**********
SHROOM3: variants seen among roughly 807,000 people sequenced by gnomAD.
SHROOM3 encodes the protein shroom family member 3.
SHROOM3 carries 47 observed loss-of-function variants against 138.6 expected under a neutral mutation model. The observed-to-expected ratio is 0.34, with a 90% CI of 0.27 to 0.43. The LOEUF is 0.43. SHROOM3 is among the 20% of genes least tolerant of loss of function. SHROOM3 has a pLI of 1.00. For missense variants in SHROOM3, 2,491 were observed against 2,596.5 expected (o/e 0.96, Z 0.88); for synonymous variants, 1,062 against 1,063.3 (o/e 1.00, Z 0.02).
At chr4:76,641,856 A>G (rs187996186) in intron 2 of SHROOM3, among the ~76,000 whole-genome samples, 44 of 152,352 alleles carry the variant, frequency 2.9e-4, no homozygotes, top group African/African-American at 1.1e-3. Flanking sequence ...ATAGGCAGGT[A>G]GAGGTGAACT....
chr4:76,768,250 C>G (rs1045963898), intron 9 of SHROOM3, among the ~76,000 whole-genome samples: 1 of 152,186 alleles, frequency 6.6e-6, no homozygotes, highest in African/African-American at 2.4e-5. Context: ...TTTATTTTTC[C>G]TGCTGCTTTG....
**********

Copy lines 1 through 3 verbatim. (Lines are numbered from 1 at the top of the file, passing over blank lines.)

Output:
SHROOM3: variants seen among roughly 807,000 people sequenced by gnomAD.
SHROOM3 encodes the protein shroom family member 3.
SHROOM3 carries 47 observed loss-of-function variants against 138.6 expected under a neutral mutation model. The observed-to-expected ratio is 0.34, with a 90% CI of 0.27 to 0.43. The LOEUF is 0.43. SHROOM3 is among the 20% of genes least tolerant of loss of function. SHROOM3 has a pLI of 1.00. For missense variants in SHROOM3, 2,491 were observed against 2,596.5 expected (o/e 0.96, Z 0.88); for synonymous variants, 1,062 against 1,063.3 (o/e 1.00, Z 0.02).